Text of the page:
There are days like today, Gentle Reader, cold, wet, rainy days, in which I long with all of my physical and emotional being, to be Back in Britain.
I love Britain, am an Anglophile, a Celtophile (if that’s even a word!), a Scotophile (see before re: word), and I even love the weather. I am a woman who longs for cold, rainy days. The splash of water on the ground, the twilighted backgrounds which make every morning look like evening (the poem in which this phrase appears will be in print soon!).
But thinking of England makes me think of the three times I visited England, all for research. And as my research concerns fashion, I begin to think about what it means to wear clothing that empowers you.
Take boots, for example. Today, I am wearing my gorgeous black boots with their zippers and buckles, their just-below-the-knee perfect height, their supple leather, their straps and heels. These are my power boots. Nothing can defeat me when I wear my power boots. I am booted woman; hear me stomp.
But this is my personal sense of worth. I feel differently when I wear them because psychologically, I associate a woman in knee-high boots with a form of power. She seems in control in a way I don’t always feel; therefore, when I wear knee-high boots, I am in control. Of course, that began a train of thought that asks,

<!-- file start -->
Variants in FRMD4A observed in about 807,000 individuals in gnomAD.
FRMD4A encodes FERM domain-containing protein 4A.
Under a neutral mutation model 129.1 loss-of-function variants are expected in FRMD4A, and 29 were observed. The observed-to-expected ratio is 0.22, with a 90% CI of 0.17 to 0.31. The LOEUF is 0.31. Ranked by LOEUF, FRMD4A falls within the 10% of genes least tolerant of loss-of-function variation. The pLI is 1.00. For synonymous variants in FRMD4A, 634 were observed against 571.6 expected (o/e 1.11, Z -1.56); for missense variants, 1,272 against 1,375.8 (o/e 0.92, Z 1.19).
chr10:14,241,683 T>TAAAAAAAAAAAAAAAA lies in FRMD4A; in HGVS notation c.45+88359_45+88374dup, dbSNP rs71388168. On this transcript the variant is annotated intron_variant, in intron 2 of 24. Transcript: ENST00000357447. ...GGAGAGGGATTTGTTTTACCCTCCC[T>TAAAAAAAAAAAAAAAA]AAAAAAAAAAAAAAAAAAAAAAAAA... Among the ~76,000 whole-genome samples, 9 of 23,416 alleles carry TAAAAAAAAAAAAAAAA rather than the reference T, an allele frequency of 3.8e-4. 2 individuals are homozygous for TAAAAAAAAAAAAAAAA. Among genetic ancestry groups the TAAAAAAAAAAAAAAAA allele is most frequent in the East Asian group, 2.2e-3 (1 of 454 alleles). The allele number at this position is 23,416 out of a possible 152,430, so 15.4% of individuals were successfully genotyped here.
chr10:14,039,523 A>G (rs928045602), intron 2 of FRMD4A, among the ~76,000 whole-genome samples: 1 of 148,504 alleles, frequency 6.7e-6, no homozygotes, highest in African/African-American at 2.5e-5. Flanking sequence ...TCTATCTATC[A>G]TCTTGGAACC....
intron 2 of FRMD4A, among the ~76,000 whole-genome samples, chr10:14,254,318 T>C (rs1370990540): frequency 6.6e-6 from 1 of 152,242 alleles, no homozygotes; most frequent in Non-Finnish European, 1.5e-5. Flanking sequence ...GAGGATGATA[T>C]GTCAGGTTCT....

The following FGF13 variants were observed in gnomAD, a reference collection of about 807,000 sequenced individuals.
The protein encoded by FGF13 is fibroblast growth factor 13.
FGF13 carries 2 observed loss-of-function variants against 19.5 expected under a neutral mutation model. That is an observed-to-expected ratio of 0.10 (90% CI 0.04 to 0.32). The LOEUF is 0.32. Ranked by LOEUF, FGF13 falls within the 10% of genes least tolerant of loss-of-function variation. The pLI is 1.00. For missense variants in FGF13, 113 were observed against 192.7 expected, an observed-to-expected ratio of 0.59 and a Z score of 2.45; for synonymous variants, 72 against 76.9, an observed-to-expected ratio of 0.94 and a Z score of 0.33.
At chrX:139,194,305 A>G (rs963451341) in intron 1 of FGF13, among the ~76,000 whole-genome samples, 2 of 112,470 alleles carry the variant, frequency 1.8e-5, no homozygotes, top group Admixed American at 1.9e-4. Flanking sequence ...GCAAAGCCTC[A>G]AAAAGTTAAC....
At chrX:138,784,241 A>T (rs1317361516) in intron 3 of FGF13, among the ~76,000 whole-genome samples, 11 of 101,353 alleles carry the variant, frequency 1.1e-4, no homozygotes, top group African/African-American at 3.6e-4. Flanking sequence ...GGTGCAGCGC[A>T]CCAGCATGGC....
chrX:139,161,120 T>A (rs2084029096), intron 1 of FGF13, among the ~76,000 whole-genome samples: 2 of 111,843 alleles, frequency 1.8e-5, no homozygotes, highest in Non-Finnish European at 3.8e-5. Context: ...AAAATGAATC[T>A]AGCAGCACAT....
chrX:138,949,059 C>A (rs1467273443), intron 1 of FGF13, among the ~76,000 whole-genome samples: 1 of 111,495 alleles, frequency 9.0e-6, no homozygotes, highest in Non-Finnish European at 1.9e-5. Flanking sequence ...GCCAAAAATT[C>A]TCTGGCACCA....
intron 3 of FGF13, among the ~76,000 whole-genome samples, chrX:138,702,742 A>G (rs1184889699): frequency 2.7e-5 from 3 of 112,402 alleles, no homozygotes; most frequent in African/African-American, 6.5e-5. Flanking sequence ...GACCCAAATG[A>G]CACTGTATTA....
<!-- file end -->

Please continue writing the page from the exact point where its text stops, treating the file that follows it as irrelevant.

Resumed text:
what other fashions have true power?
The crinoline was incredibly freeing for women in the 1850s. A hoop skirt, something our 21st-century eyes see as restrictive and confining, in fact freed women from the constraints of multiple petticoats. It gave them freedom of movement, a supple sway that was quelle scandale, no?
We often think of the corset as restrictive, as well, but it wasn’t. It was necessary support. Women need support. It is a necessary part of anatomy. But our images of these women are instead trapped in cages of their own choosing and men’s own making.
I have written extensively on these topics, both as a blogger here and as an academic here, and hope to have more articles and blogs forthcoming about women’s fashion in the nineteenth century. But whatever we all decide, here is the truth:
Fashion is Power.
Women gain Power through Fashion.
Let us contemplate these ideas throughout the day, regardless of your current clime. I for one will enjoy the beautiful cold rain of the Midwest.
Like what you’ve read? Visit my website: The Life and Times of the Postmodern Bluestocking.